- America's top presidential scholars weigh in on what makes a president great
- Richard Reeves: FDR was the greatest president of the 20th century
- H.W. Brands: America is not ready for another great president right now
- Joan Hoff: Wartime presidents tend to be considered great, but perhaps no longer
As Americans make up their minds and gear up to vote, CNN asks some of America's foremost presidential historians to weigh in on the question: What does it take to make a president great?
Richard Reeves: FDR's place in the 20th century
Presidential greatness is determined by being in the White House at the right time -- or the wrong time. The presidency is a reactive job and we judge the presidents by their handling of one or two big crises, usually unforeseen.
Nobody remembers whether Abraham Lincoln or Franklin D. Roosevelt or John F. Kennedy or Ronald Reagan balanced the budget. What we remember is the agony of the Civil War. The Great Depression and Pearl Harbor. The Cuban Missile Crisis and the threat of nuclear war. The winding down of the Cold War.
Roosevelt, who probably understood the presidency better than anyone else -- before or after him -- was the greatest president of the 20th century because he knew what people wanted from the highest office in the land: action, words and optimism.
That all came together when he said he was no longer "Dr. New Deal" -- he became "Dr. Win The War." While historians will argue forever whether FDR actually ended the Depression, he did take aggressive action and fought with the right words with his "infamy" speech on December 7,1941, after Pearl Harbor was attacked.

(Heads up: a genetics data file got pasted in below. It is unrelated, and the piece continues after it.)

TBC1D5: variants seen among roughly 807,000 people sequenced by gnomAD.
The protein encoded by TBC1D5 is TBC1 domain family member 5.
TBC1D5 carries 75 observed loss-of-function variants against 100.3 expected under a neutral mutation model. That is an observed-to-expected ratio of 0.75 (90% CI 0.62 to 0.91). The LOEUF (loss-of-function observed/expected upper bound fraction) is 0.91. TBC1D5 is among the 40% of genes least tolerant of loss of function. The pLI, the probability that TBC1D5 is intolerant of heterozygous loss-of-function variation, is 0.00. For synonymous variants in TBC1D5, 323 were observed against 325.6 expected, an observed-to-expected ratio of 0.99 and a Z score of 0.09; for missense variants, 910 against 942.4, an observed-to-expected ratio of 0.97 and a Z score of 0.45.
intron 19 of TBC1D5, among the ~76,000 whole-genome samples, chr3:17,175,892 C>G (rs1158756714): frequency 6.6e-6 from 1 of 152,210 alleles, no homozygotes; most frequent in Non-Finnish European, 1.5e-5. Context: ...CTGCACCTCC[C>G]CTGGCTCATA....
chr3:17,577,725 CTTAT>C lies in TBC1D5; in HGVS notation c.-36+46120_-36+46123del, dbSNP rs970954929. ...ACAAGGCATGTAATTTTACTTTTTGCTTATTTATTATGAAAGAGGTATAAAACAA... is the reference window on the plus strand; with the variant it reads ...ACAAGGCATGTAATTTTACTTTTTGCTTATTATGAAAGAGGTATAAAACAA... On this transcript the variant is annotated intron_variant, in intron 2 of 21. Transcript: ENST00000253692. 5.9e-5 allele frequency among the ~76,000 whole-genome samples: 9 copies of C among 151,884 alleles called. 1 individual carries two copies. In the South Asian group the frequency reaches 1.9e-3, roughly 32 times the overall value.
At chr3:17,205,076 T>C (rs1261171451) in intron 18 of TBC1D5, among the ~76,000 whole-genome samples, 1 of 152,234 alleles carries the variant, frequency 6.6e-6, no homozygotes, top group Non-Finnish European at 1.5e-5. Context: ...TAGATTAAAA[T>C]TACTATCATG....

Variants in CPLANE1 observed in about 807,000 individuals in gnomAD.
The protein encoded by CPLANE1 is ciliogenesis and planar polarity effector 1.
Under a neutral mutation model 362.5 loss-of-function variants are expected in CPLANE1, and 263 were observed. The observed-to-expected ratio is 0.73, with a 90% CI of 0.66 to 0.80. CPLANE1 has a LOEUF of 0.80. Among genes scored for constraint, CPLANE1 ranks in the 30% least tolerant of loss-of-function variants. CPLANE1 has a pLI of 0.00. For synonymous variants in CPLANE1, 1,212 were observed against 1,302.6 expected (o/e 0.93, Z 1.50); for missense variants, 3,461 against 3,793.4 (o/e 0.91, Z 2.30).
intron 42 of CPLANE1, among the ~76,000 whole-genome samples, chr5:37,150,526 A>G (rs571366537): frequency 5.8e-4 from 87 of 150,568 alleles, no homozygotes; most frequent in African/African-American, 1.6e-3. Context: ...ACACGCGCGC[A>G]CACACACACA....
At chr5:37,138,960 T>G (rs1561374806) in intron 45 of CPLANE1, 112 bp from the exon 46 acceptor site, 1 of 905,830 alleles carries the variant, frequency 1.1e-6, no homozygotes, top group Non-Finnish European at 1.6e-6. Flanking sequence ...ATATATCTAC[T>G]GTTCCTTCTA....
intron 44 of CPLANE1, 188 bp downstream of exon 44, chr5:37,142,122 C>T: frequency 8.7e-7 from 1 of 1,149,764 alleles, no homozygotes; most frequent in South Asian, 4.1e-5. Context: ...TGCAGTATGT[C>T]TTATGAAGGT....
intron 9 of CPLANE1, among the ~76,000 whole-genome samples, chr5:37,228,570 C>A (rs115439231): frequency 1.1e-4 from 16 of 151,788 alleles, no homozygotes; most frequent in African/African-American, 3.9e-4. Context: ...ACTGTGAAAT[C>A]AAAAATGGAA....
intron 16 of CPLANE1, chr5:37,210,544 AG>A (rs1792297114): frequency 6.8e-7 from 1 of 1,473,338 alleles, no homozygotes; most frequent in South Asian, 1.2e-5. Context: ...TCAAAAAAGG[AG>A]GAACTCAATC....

When the Soviet Union was putting nuclear missiles in Cuba, Kennedy said in private that doing nothing was the worst option and he would be impeached if he did not take action. In good times or bad, a president is expected to do something! Sometimes he does the right thing and becomes great for it.
Richard Reeves is the author of a presidential trilogy: "President Kennedy: Profile of Power," "President Nixon: Alone in the White House" and "President Reagan: The Triumph of Imagination." He is senior lecturer at the Annenberg School for Communication and Journalism at the University of Southern California.
Aida Donald: Truman believed in the strength of character
In early 1962, my husband and I were invited to the White House by first lady Jackie Kennedy because she wanted the president -- who loved history -- to listen to my husband, David Herbert Donald, talk about Abraham Lincoln.
When the talk was over, President Kennedy asked: "Do you think that what makes a president great is a war?" My husband blanched and said, "No, Franklin Roosevelt was a great president before World War II started. His domestic program had already made him a great president."
Of course, Lincoln was a great war president. His saving of the Union and the freeing of 4 million slaves were his greatest accomplishments.
Now, I would add that Harry Truman was also a great president, because he was commander in chief in a great war and then reconstructed the world after World War II.
Truman drew red lines to keep the Soviets from continually gobbling up countries. He saved Greece and Turkey with his Truman Doctrine. He saved Berlin with an airlift when the Soviets blockaded it. He led in forming the North Atlantic Treaty Organization to protect Europe. He started the Point Four program to assist poor countries. He was behind the Marshall Plan of giving Europe $6 billion to reconstruct itself and be a bulwark against Communism. He encouraged the rebuilding of Japan as a democratic and capitalist country and as a counter to Communist China.